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Is Reactive the New Proactive?

By Published on .

Audi's gender-equality Super Bowl ad was well timed given the sentiment among many opposing President Trump's policies, writes Mike Popowski.
Audi's gender-equality Super Bowl ad was well timed given the sentiment among many opposing President Trump's policies, writes Mike Popowski. 
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Creative content and smart media planning have always been hallmarks of a savvy brand advertiser. Historically, solid brands understood their customers' buying cycles, which resonated insights about their target and how to plan and create ad campaigns to sell products. Often, budgets were earmarked by the end of summer for the entire next year -- sometimes even down to media placements. The advertisers that put the most effort into planning and orchestrating great campaigns usually won market share and captured the hearts and attention of buyers.

Not anymore.

Cultural relevance has always been a driving factor in ad efficacy, but being relevant today requires advertisers to adopt a different mindset. The traditional practice of long planning cycles doesn't allow advertisers to take part in today's fast paced, impossible-to-predict shifts in news and culture. While counterintuitive, being reactive actually allows brands the flexibility to capitalize on opportunities that will invariably increase their exposure, although very few brands have been successful at this. However, the ones that have, cleverly, found a way to ride this wave are enjoying viral success and significantly more reach.

A long time coming

Although an over-used example, we saw a hint of this transformation in 2013, with Oreo's reaction time to a 34-minute power outage during Super Bowl XLVII. Within a matter of minutes, Oreo's team jumped on the opportunity with a tweet that read "Power Out? No Problem.," accompanied by an image of an Oreo and the caption, "You can still dunk in the dark." And then there was Arby's clever quip at Pharrell from the 2014 Grammys. Reaction time? Again, minutes. So while we were getting hints of this several years ago, this "ability-to-react-fast" is becoming more essential across the board, not just in social media.

Take a look at a few of this year's top-rated Super Bowl ads. Tide's Terry Bradshaw spot used elements from both the teams playing that night -- a production that could only be completed days ahead. And then there was Audi's gender-equality "Daughter" spot, a well-timed piggyback on the move by women all over the country to defy President Trump's policies.

The list of progressive brands adopting a reaction-based approach doesn't stop there. Tecate got in the act late last year with a clever ad that mocked Trump's proposal to build a wall on the U.S.-Mexico border. Others, including Ben & Jerry's introduction of its new flavor, Tonight Dough, quickly following Jimmy Fallon's debut on "The Tonight Show," go beyond advertising and carrying into products.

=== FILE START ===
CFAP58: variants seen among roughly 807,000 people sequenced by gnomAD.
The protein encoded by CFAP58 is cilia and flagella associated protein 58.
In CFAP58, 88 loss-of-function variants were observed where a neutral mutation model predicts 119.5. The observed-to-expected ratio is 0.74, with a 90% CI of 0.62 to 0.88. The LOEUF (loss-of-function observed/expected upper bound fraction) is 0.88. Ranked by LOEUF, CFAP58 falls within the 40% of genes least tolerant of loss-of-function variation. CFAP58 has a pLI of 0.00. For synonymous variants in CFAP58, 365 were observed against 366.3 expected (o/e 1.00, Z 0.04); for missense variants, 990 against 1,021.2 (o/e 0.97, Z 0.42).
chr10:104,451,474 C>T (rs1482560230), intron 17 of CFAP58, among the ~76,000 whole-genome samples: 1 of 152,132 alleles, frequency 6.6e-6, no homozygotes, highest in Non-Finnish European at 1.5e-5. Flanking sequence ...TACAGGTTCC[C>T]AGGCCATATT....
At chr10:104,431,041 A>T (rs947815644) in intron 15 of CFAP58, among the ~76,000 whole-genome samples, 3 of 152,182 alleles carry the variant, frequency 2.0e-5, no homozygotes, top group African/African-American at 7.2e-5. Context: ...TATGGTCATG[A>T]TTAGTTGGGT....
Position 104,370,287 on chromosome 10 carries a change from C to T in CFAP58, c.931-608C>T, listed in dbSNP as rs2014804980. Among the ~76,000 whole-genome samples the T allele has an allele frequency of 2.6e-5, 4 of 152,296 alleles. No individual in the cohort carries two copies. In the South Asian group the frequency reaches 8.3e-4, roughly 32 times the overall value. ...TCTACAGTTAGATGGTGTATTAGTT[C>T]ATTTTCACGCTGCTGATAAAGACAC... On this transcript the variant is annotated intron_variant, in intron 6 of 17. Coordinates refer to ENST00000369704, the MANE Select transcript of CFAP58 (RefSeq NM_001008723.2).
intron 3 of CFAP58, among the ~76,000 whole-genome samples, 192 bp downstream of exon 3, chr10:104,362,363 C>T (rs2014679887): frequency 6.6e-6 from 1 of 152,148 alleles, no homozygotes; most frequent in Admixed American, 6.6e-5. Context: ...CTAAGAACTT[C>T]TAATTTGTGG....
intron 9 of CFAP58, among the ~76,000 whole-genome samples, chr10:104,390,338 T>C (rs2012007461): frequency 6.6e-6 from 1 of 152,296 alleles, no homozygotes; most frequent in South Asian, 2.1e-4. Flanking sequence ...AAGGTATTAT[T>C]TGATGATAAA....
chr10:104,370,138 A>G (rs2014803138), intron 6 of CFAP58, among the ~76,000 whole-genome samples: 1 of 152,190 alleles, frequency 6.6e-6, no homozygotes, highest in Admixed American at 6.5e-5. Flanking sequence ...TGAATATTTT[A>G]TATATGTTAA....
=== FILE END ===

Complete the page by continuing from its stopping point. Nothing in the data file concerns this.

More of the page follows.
But reaction time isn't only about cultural trendspotting. Progressive brands understand that consumer technology is in a state of perpetual change, too. Facebook, still the reigning social network champion by most objective media measures, has launched a flurry of new features over the past year. Facebook Live, in particular, created real media advantage for quick to respond advertisers when it rolled out Live streaming for public use in January, 2016. Shortly thereafter, in February, the social network said its algorithm would give more preference to live video. It doesn't stop at Facebook. Updates to media channels are happening fast, and often in short notice. The bottom line: those who react faster are winning.

What can your brand do to hone its reflex muscles? For starters:

  • Stop planning so much. Throw caution to the wind, but don't get carried away. Dedicate a portion of your budget to trying new things and getting experimental with that money. Coca-Cola famously follows a 70/20/10 rule, devoting 70% of its budget to bread-and-butter marketing ideas, or what it calls "now"; 20%, or what is deems as "new," to innovating on the things that worked in the 70% category; and 10% to what it calls "next," or ideas that are completely untested.
  • Empower your team. When opportune moments are fleeting, speed to market and reaction time are critical. This becomes impossible if you're running things up and down the flagpole. Give senior managers and director-level marketers the freedom to make decisions and execute. Reacting and moving fast means that CMOs and marketing VPs need to hire smart people and let them call smart shots on the fly.
  • Know what you stand for, and know what you're reacting to. Reacting to culture and consumer technology shifts doesn't mean reacting to every change. A brand should have a clear understanding of its own identity and pick spots wisely. Look no further than our executive branch to see what happens when you get involved in a conversation that doesn't pertain to you. In other words, stop news-jacking for the sake of it.

Smart brands are investing more time and money listening to inflections in culture and understanding when and how consumer attention is shifting. With this level of imminent change, is the counter-intuitive approach of planning to be reactive actually the new proactive?

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